At the COP26 meeting, India unveiled the e-Accelerated E-Mobility Revolution for India’s Transportation portal, or the e-AMRIT portal, as a one-stop resource for all information on EVs. According to the webpage, EV regulations have helped India reduce 191.5 kg of CO2 and have resulted in 7.96 lakh registered EVs, 25+ states with EV policies, 380 EV manufacturers, 1800 EV charging stations, and 380 EV manufacturers. The portal also credited Ola Electric Mobility, Mahindra Electric, Tata Motors, and Ather Energy as the top EV manufacturers in India.[7]

India’s Green Growth Potential

India’s renewable energy and green growth ambitions have been guided by the four Cs: commitment, co-benefits, cost, and capital.[8] Nevertheless, the factors that can sustain its green growth and complement the ‘four key Cs’ are:

a)   Job creation: According to a study published by the World Economic Forum (WEF), India’s transition to a net-zero economy may result in the creation of nearly 50 million new jobs and a US $15 trillion contribution. In order to show its continuous commitment to solar energy harvesting and ecological sustainability, the Indian government had set goals for developing 175 gigawatts of renewable capacity by 2022nd 450 gigawatts by 2030. By October 2022, the reported renewable capacity was 165.94 gigawatts.[9] Renewable energy sources like wind, solar, and geothermal are ideally suited for an industrialising nation like India. Due to the steadily falling price of solar panels, solar power has appeared to be a promising choice in India for a number of years. According to a research by the Council on Energy, Environment, and Water and the Natural Resources Defense Council, India’s wind and solar energy sectors currently employ 111,400 people. The solar industry makes up around 77 per cent of these jobs, and those in the wind industry make up the remaining 23 per cent.[10]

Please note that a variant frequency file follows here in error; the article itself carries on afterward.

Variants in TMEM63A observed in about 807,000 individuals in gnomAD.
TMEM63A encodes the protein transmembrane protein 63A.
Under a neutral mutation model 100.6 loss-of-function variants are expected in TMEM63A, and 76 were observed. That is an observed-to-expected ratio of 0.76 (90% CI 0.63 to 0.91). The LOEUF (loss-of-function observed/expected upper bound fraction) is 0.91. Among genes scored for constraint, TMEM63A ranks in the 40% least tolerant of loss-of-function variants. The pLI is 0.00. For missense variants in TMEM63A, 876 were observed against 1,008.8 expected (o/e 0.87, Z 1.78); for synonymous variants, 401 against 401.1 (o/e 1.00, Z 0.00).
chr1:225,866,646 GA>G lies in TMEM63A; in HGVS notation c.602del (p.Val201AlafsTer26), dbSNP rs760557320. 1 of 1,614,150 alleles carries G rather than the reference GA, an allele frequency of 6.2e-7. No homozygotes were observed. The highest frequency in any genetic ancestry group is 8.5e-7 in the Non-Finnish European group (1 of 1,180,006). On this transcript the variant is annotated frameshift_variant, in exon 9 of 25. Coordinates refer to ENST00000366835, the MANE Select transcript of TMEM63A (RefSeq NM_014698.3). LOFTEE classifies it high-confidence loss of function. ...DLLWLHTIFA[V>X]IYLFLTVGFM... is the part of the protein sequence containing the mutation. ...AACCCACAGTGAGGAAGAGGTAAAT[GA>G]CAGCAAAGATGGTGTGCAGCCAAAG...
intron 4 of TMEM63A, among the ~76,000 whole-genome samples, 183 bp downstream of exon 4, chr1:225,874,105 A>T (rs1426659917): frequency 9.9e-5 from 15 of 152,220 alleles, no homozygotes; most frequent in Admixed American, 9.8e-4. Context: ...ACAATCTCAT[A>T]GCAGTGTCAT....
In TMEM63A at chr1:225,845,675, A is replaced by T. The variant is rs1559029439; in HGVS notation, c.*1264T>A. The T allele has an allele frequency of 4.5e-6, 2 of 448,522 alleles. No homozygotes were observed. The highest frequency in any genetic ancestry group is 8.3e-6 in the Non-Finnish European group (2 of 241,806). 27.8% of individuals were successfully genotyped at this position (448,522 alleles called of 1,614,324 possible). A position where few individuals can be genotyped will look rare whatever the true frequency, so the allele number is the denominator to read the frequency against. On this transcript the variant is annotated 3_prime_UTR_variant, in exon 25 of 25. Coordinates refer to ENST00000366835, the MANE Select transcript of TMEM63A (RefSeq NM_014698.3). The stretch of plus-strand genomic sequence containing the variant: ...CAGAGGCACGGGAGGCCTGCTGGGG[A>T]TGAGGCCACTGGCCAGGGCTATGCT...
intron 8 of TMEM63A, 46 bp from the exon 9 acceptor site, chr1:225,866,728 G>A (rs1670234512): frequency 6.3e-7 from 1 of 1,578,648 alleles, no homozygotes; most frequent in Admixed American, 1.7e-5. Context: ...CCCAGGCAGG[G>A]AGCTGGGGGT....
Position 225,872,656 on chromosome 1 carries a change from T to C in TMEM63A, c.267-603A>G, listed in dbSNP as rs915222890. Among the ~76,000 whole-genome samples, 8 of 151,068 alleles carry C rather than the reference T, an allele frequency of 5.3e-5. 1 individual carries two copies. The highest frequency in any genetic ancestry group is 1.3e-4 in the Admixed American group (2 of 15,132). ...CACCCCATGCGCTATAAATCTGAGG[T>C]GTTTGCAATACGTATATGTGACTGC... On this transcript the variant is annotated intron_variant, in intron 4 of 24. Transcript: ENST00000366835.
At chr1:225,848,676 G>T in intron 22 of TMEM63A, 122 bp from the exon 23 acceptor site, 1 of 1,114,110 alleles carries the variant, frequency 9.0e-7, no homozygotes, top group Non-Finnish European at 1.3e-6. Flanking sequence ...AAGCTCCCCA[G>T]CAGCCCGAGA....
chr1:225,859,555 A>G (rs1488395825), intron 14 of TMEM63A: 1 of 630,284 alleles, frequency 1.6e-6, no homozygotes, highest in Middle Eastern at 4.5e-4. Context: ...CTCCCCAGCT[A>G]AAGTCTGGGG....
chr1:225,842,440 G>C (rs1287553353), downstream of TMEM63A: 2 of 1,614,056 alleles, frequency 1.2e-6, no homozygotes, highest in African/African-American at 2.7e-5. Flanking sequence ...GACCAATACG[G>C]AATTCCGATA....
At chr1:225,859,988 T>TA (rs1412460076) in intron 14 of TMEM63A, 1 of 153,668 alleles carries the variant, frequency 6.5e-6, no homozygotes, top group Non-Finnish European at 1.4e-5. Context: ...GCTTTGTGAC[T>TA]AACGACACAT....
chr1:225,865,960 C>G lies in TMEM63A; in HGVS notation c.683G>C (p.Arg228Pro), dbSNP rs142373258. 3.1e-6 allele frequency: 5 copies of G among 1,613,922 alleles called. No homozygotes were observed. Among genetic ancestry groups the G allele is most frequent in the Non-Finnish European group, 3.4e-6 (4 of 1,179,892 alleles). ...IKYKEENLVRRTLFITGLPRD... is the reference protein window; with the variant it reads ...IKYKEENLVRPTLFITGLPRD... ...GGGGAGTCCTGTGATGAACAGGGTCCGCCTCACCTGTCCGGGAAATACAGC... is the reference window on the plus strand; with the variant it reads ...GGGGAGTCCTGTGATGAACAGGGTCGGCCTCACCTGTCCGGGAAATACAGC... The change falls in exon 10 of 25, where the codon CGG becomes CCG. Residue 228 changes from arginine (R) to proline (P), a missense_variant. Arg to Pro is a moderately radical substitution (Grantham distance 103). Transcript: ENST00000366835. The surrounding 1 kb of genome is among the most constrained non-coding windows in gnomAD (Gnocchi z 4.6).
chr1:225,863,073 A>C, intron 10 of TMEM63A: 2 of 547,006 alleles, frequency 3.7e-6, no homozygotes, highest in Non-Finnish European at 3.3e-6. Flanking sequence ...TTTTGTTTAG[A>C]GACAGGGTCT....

b)  Focus on rare earth elements (REE) and increase the investment in it. Switching from non-renewable to renewable energy sources will increase the efficiency of EVs. REE enter the picture as a result of this shift’s requirement. Different battery types, including Li-metal (V), Li-ion (Mn, Ni, and Co), NaNiCI, NiMH (AB2 and AB5), NiCd, and PbA, are used in EVs. These batteries use metals or combinations of metals that could be in short supply, including lithium, nickel, cobalt, vanadium, cadmium, lead, and mixed metals (rare earth elements). In addition to help improve clean and emission-free electricity generation, REEs can be used to make EVs. Neodymium magnets (NdFeB) are used for cars’ motors, speakers, doors, and windows. Europium and Yttrium are used in fluorescent powders for lightning in EVs. Lanthanum and cerium are utilised as power sources in hybrid EVs and as battery electrodes in nickel-metal hybrid batteries.[11] In a nutshell, REEs can give EV technologies vital functionality and sustainable mobility.

The aforementioned issues should be addressed with the budget funds allotted in order to promote India’s green growth and long-term economic viability.




[1] Mihir Swarup Sharma, “The Four Cs of India’s Green Growth”, ORF, January 26 2022, Accessed on 1 February 2023.

[2] “Budget 2023 | What are the Centre’s initiatives for ‘Green Growth’ and energy transition? The Hindu, February 1 2023. Accessed on 1 February 2023.

[3] Ibid.

[4] Ministry of Heavy Industries, ‘FAME I”, (2019), Accessed on 1 February 2023.

[5] ‘Electric Vehicle’, Ministry of Power, Accessed on 2 February 2023.

[6] “Charging Infrastructure for Electric Vehicles (EV)- the revised consolidated guidelines & standards”, Ministry of Power(2022), Accessed on 2 February 2023.

[7] “E-Mobility at a Glance”, E-AMRIT Portal,  Accessed on 2 February 2023.

[8] Sharma, n.1

[9] Economic Times, “India achieves 166GW of renewable energy capacity till October”, December 8, 2022, Accessed on 3 February 2023.

[10] CEEW, NRDC, and SCGJ, India’s Expanding Clean Energy Workforce: Opportunities in the Solar and Wind Energy Sectors, January 2022, on 3 February 2023.

[11] Xiang Yang Li, Jian-Ping Ge, Wei-Qiang Chen, Peng Wang. 2019. “Scenarios of Rare Earth Elements demand driven by automotive electrification in China: 2018-2030.” Resources, Conservation and Recycling Vol.145, 322-331. Accessed on 3 February 2023.